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When using supervised classification methods, the classes need to be defined in advance (constituting the training set). To take the parameters T_{eff} and log (g) into account in the classification process, ideally we should have those parameters available for all the objects in the existing training set used to derive the distributions of light curve parameters. This is not possible at this stage, since we do not have estimates available for those fundamental parameters for the majority of the targets in our training set. Luckily, some variability types can be identified reliably using only light curve information, so we actually do not need to extend the training set for all classes. Here, we focused on the separability of four classes of multiperiodic pulsators (δ Sct, β Cep, SPB and γ Dor), for which spectroscopic information is essential to distinguish them. For those classes, we constructed an extended training set, by using T_{eff} and log (g) values taken from confirmed class members in the literature. For the β Cep and the SPB classes, we used the extensive tables compiled by P. De Cat^{3}, for the δ Sct class, we used the catalogue by Rodríguez et al. (2000), and for the γ Dor class we used the lists presented in Cuypers et al. (2009), Aerts et al. (1998), and Handler (1999). The resulting samples are shown in Fig. 9. Clearly, δ Sct stars can be separated from β Cep stars and γ Dor stars from SPB stars in the T_{eff} − log (g) plane. To include these spectral parameters in the classification process, we adapted the existing classification tree by first merging the classes δ Sct with β Cep, and SPB with γ Dor. A new stage was then added to refine the classification within these two subgroups, using the parameters T_{eff} and log (g). Figure 10 represents the classification process in a schematic way. Similar to the methods described in Debosscher et al. (2007) and Blomme et al. (2011), we use a multistage approach, albeit with a simpler tree structure and different classification attributes (our classifier has been designed for application to high quality spacebased data). The multistage approach has several advantages: dedicated classifiers can be designed for each split in the tree, each using an optimized set of attributes. Moreover, there is no need to have all classification attributes available for each object in the training set. For example, we only needed T_{eff} and log (g) values for those training classes present in the branches of the tree using these classification attributes.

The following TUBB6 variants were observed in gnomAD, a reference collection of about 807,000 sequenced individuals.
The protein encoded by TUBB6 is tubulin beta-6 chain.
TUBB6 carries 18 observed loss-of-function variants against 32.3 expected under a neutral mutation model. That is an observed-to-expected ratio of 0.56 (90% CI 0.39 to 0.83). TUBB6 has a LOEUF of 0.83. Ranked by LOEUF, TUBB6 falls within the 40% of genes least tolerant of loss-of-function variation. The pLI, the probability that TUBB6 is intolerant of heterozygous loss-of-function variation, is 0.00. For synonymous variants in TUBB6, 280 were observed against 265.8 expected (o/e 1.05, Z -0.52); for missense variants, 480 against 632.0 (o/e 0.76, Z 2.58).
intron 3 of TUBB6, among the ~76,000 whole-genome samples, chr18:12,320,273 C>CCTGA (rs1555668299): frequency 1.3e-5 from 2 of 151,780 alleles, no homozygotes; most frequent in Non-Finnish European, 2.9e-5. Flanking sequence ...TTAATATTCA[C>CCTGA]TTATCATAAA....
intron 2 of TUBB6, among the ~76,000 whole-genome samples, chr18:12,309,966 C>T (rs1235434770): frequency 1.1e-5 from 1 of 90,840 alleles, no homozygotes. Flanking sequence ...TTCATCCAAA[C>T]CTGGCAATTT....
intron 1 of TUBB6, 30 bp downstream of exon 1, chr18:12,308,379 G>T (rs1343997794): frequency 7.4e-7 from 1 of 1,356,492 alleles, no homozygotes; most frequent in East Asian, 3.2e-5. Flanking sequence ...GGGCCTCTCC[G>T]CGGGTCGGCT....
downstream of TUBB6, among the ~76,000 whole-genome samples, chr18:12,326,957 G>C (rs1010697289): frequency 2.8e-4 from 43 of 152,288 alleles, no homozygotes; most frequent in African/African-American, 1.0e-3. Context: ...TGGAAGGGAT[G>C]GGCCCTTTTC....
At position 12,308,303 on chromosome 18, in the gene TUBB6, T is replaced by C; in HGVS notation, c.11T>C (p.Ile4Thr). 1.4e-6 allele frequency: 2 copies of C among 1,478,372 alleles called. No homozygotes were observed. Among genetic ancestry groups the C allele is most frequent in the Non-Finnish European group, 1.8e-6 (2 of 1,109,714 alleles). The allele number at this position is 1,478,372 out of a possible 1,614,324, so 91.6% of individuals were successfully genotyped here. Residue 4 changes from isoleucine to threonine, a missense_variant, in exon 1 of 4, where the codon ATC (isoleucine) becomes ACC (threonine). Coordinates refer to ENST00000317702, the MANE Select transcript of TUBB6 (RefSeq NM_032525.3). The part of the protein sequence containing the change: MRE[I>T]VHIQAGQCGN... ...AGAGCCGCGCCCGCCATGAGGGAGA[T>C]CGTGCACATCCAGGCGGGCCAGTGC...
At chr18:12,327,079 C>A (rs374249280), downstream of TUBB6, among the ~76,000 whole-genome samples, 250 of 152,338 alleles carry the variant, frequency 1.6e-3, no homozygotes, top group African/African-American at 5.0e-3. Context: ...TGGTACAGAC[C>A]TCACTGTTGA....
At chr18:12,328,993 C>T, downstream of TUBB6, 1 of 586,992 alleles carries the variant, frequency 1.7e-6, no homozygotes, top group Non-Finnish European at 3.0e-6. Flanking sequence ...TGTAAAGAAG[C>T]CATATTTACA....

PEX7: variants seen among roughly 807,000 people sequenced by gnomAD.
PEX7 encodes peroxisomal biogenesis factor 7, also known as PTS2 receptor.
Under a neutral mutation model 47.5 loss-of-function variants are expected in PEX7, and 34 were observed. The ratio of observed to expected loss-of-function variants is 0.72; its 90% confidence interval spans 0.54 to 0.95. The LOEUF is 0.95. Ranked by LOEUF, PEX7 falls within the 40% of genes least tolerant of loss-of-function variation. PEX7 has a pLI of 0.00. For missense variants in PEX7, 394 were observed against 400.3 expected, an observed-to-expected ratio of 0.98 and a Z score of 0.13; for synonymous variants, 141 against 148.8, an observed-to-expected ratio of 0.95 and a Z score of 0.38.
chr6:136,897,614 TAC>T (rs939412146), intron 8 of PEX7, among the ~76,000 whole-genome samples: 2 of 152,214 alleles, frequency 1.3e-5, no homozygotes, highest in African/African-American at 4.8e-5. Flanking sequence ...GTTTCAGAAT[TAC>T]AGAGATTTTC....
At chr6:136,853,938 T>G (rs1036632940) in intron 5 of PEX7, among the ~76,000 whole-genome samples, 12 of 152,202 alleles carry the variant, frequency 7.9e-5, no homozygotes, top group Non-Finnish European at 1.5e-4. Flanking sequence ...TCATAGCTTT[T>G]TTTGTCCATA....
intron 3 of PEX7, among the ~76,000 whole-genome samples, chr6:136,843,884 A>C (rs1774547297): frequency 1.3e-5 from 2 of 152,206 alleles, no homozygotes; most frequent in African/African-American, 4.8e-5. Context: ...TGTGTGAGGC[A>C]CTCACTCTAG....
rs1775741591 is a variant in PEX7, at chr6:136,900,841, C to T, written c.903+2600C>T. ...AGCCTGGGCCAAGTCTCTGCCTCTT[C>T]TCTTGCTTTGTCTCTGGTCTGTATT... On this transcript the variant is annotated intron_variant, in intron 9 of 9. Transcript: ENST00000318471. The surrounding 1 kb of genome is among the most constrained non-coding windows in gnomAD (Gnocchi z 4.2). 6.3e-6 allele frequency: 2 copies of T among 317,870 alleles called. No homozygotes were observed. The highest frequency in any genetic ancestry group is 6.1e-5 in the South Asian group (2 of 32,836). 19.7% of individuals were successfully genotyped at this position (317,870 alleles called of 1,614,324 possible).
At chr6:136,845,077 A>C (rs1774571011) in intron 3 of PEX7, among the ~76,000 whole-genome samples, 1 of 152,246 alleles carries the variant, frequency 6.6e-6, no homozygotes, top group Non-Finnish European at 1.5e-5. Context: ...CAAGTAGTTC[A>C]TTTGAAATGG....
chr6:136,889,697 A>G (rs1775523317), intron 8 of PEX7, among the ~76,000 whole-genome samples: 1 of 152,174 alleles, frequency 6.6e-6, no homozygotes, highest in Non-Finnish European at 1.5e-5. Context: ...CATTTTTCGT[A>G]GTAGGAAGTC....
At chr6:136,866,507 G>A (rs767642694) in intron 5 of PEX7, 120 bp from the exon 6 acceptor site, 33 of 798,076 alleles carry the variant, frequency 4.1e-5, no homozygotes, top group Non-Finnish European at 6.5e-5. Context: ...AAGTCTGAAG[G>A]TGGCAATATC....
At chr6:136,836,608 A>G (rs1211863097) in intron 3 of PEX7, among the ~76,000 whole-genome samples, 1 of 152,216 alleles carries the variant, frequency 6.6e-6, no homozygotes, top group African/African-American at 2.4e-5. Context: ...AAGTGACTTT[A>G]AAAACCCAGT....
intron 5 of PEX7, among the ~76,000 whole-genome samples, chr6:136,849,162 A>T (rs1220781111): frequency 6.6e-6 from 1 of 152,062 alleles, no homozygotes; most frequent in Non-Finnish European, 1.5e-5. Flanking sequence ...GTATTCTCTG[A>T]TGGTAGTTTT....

In the current version of the classifier, we treat T_{eff} and log (g) as statistically independent from the other light curve attributes, since we do not have these parameters available for the training objects used to derive the light curve parameters. Future extensions of the training set should allow for a fully covariant Gaussian Mixture modelling of the distributions of all the classification attributes together.
Number of good candidate variability class members obtained without and with the use of additional spectral classification attributes.